You should have seen it, mom, it was worse than that narrow windy road through that tunnel in Switzerland! It was like the bus was literally hanging off the cliff, and they’ve had mudslides there…”
My 16-year-old buzzed with excitement about the perils of the service trip to Ecuador and the Galapagos he’d recently returned from. There’d been no talk or pictures on the trip blog of this crazy road the bus had travelled on, no specific permissions asked of that or the bridge he told me about where they had to get out of the bus and walk across because all together they’d have been too heavy.
What? I knew he’d be building floors, and working with kids in the communities they visited, but danger? Had we signed on for that?
Scrubbing the kitchen counter clean, trying to look and sound nonchalant, I nodded.
“That’s awesome, honey. Were you scared?”
“A little, not really,” he said with a shrug. He’d gone back to his phone, to Snap-chatting with the friends he’d made from around the country, to posting selfies of his cute self to all and sundry.
He’s home safe, I told myself as I unloaded the dishwasher, why worry now?
Danger lurks around every corner, but to allow my kids to explore life and have any adventure at all, I just can’t think too much about it. If I do, I very well might find myself like the dad in the movie “The Wolfpack,” locking the door from the outside and never letting them leave the house at all.
I had this conversation about taking risks recently with a psychotherapist, a lovely woman whose job it is to listen to people and to help them, and to train other therapists to do the same. When I mentioned being a risk-taker, she talked about a client who’d gotten drunk and had a one-night stand with a man “whose last name she didn’t even know.” She’d brought him to her home, “which is very dangerous,” she said.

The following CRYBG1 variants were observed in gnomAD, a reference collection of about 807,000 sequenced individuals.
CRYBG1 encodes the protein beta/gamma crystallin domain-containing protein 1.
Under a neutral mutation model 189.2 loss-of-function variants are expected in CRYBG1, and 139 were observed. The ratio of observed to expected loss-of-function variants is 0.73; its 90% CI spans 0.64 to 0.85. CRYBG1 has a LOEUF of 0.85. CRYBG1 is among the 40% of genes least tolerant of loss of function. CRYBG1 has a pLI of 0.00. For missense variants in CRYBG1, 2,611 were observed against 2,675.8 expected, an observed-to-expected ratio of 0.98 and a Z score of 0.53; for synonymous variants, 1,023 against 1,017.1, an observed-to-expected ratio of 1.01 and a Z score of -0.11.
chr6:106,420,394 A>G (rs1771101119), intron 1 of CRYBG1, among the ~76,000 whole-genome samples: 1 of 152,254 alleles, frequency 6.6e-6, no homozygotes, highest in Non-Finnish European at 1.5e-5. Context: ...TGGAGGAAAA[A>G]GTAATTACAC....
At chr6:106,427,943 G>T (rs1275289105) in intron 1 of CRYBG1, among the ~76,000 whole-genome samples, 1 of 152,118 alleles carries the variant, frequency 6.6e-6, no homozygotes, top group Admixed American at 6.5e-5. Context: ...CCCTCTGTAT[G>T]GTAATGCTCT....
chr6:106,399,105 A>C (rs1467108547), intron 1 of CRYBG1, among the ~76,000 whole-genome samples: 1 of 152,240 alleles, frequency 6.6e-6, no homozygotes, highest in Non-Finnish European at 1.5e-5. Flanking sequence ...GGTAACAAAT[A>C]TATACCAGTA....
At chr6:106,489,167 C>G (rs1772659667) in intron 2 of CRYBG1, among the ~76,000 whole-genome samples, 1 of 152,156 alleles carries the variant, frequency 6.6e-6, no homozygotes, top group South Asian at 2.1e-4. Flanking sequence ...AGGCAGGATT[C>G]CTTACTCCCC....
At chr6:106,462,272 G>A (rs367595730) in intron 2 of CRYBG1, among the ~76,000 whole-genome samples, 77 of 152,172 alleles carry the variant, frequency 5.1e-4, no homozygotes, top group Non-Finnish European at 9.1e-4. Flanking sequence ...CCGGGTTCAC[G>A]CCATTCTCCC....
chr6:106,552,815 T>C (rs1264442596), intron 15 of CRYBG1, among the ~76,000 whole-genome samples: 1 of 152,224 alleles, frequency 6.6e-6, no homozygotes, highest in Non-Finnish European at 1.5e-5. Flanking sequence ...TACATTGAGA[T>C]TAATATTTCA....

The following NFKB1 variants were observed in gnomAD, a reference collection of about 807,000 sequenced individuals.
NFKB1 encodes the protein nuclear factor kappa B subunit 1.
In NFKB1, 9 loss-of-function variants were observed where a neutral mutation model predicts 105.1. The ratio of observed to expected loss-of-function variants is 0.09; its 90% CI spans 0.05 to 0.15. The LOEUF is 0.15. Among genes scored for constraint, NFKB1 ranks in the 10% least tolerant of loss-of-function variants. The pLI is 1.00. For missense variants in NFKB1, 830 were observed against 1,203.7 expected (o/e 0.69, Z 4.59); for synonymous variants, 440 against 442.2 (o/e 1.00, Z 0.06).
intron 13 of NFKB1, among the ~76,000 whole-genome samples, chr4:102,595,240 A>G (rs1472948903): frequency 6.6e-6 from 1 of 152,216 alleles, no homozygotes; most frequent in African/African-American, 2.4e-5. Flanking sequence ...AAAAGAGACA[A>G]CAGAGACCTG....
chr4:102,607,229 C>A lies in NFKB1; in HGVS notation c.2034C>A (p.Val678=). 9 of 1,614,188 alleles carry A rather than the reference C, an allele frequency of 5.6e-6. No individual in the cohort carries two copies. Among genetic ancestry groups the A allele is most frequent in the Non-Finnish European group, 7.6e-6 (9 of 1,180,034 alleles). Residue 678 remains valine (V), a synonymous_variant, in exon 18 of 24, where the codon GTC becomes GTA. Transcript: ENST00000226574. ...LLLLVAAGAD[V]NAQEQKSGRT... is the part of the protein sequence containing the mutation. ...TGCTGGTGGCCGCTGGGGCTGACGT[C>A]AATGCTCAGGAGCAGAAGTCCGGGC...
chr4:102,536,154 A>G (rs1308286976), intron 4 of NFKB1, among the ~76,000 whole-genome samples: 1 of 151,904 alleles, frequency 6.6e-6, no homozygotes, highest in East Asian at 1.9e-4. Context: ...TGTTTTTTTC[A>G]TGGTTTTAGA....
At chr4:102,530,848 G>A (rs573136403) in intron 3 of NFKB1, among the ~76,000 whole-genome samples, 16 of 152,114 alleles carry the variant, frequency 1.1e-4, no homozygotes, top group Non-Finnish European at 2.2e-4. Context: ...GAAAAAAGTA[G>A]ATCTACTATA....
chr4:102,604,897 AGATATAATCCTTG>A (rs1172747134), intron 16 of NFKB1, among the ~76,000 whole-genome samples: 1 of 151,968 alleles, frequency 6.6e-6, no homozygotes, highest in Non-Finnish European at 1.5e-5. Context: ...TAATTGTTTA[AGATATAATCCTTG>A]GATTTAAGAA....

I found myself vociferously defending the woman’s right to take the risk, to trust her own instincts and do as she pleased. I think my psychotherapist friend was a bit taken aback, but I continued.
“Isn’t it subjective that that’s ‘dangerous’ behavior? Isn’t what someone chooses to do in their own life up to them?” I argued. I compared it to speed limits that are arbitrarily set, and “rules” that are created by people for other people all the time, that often don’t work in preventing them from behaviors they choose to engage in. “But this woman came to me, for help. She didn’t like her behavior, and it fit with a lot of her other impulsive decisions in life that aren’t working for her,” my friend countered.
I thought of my kids, of trouble they’ve gotten in because of following their impulses, of the dangers they’ve put themselves in purposely or not, of the dangers they are sure to face moving forward. I shrugged.
“I think the biggest problem we have is judging ourselves all the time for the things we do, in large part because we fear others’ judgment,” I said. “Who is anyone to say what’s ‘right’ and ‘wrong?’ ”
It is interesting to explore how sure we are of what “dangerous” behaviors are, and how judgmental we are of other people — our kids or our clients — for engaging in them. It is interesting to think about how much we listen to outside judgment for engaging in “dangerous” behaviors ourselves.
I dare say there is very often a fine line between being adventurous and acting “dangerously,” and I’m not sure — even if I desperately wanted to and thought I knew where it was — that I would be able to draw that line for my kids.
Traveling dangerous roads and drunk one-night stands are not the same, to be sure, but they are along the same lines when I think of how I might advise my kids to “play it safe” in their lives, and how likely they are to take that advice even if I deem it necessary to offer it up.
I had a moment, while waiting for my son’s plane to take off from LaGuardia for Miami, when I began to panic.
How come he couldn’t have just stayed in Brooklyn, hung out with his friends, gone to the movies? Why had I pushed him to take this trip, to go off to some foreign place? Should I have gotten those malaria pills after all? What was I thinking?
But as I stood back against the sink afterward, and saw my son’s tall, proud posture, saw his dimples emerge as he laughed out loud at some or another Snapchat from one of the kids he’d shared some perilous moments with in a country where he’d gone to have fun, learn, and help, I smiled.
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